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Fixing the World’s Infrastructure Problems

Matt Ball on April 21, 2013 - in Maintenance

We all have a stake in the infrastructure surrounding us — the roads, buildings, power lines, and telephone networks that we rely on daily. How well they’re built and operated is crucial to economic growth and is a key arbiter of an economy’s competitiveness — and yet, virtually every economy faces an array of infrastructure challenges.

Just a few examples illustrate some of the pressing issues: South Africa’s power distribution network has an estimated maintenance backlog of $4 billion — equivalent to half of the country’s total investment in electric power generation and distribution in 2011. The U.S. Department of Transportation estimates that 15% of the country’s roads are in an unacceptable condition and says that road congestion costs the U.S. an estimated $100 billion per year. In Jakarta, from 2005-2009, the number of cars rose by 22% annually, while the distance of usable roads actually declined (PDF). The UN Economic Commission for Latin America and the Caribbean estimates that investment equivalent to 7.9% of GDP (PDF) is necessary to raise infrastructure in the region to the standard of developed East Asian countries.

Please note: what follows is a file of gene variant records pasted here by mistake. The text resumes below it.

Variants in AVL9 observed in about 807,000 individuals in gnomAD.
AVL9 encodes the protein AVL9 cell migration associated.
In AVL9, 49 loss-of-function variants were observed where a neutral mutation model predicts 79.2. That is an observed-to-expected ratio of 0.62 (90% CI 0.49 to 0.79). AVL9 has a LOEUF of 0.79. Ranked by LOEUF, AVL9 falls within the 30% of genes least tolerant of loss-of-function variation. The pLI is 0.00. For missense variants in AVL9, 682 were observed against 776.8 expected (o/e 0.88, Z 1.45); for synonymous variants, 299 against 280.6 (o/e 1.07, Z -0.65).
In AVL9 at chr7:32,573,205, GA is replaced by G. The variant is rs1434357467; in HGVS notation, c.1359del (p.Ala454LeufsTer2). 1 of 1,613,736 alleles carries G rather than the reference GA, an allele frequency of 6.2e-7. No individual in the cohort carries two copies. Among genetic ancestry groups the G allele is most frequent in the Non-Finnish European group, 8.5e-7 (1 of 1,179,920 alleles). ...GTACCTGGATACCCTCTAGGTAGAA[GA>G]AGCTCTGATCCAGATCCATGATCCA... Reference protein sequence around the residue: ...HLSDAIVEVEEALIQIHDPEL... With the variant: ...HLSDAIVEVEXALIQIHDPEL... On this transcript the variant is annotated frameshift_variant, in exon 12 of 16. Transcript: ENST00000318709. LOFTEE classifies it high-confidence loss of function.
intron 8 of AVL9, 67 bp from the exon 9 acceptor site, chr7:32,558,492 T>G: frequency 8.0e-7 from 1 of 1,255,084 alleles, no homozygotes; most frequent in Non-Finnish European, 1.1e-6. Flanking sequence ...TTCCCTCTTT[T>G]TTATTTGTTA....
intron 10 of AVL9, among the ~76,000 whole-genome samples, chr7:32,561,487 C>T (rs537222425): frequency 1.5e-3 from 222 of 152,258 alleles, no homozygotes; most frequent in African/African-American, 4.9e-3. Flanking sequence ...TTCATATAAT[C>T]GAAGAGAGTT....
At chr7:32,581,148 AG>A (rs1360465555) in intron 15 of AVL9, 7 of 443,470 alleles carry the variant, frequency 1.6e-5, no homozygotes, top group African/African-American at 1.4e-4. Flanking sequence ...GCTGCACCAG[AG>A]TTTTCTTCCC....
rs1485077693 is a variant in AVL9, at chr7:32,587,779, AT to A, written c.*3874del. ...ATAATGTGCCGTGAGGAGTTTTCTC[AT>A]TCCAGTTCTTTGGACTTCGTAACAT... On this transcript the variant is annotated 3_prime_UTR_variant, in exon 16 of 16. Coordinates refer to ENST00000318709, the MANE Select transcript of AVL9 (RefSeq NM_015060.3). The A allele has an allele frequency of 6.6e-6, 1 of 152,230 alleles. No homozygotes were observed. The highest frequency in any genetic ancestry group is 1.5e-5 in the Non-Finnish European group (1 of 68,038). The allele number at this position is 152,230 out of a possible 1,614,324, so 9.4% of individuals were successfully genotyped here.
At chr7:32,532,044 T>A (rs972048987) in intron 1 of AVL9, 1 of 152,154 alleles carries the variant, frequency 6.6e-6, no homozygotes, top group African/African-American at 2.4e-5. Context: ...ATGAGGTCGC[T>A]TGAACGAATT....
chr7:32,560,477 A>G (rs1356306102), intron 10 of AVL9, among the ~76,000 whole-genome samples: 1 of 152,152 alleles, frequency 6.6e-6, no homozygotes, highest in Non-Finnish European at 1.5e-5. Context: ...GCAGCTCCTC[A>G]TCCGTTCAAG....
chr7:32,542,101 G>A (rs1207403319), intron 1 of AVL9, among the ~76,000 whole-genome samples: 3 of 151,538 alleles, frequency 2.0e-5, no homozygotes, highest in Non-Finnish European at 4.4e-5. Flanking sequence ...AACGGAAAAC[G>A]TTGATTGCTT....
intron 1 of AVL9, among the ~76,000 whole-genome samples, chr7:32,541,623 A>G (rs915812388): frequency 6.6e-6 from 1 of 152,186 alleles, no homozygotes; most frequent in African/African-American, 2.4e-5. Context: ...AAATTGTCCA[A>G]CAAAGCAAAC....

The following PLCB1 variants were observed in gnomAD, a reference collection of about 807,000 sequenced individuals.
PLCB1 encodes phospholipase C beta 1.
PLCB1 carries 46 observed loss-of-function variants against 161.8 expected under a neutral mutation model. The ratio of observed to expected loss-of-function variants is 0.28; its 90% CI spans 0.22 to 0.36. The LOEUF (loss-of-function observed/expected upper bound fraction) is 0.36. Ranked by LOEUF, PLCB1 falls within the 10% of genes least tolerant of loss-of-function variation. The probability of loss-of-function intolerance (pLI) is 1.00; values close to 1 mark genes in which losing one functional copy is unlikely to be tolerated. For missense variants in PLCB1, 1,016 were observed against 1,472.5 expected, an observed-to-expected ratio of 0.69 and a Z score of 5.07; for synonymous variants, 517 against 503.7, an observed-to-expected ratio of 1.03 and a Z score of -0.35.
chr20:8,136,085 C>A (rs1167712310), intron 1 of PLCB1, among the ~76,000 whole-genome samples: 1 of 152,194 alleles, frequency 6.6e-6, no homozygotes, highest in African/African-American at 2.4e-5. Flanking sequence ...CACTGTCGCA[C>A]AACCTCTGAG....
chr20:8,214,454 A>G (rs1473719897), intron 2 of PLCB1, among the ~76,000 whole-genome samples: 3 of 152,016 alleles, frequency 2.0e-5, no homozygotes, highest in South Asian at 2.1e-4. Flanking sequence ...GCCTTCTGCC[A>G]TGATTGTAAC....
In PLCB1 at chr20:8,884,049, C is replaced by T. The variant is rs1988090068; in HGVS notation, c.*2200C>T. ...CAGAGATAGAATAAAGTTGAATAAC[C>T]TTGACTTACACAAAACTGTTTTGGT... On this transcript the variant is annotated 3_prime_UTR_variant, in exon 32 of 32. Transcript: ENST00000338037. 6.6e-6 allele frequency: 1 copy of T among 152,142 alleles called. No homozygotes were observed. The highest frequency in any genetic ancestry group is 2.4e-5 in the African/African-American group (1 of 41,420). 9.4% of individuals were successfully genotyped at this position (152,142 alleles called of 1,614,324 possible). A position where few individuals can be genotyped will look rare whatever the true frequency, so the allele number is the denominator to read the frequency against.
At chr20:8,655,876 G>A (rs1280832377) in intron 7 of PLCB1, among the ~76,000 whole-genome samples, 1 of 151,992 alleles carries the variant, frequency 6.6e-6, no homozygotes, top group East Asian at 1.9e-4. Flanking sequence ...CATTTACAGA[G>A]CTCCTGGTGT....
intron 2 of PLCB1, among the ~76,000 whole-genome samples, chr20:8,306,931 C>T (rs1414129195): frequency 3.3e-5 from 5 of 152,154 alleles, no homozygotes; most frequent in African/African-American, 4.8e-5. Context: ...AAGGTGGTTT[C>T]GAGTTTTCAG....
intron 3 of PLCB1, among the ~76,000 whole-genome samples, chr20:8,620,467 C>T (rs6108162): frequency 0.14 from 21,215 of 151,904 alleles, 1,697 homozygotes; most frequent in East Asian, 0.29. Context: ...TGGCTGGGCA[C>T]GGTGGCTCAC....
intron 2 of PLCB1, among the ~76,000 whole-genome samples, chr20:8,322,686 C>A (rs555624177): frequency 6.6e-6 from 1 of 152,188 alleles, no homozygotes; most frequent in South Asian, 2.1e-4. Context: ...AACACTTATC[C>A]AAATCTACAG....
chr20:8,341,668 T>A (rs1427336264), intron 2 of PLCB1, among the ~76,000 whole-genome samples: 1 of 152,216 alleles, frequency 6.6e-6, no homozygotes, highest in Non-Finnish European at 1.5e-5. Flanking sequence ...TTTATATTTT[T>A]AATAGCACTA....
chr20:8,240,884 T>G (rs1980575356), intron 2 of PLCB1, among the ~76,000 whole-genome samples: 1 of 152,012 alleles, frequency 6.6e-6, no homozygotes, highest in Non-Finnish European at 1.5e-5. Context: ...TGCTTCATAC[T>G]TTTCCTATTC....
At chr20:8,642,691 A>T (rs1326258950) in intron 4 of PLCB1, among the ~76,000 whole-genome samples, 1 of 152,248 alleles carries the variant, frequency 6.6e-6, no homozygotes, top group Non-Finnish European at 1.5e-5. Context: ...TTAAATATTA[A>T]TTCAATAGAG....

Read more via Harvard Business Review

Matt Ball

About Matt Ball

Matt Ball is founder and editorial director of V1 Media, publisher of Informed Infrastructure, Earth Imaging Journal, Sensors & Systems, Asian Surveying & Mapping and the video news site GeoSpatial Stream.

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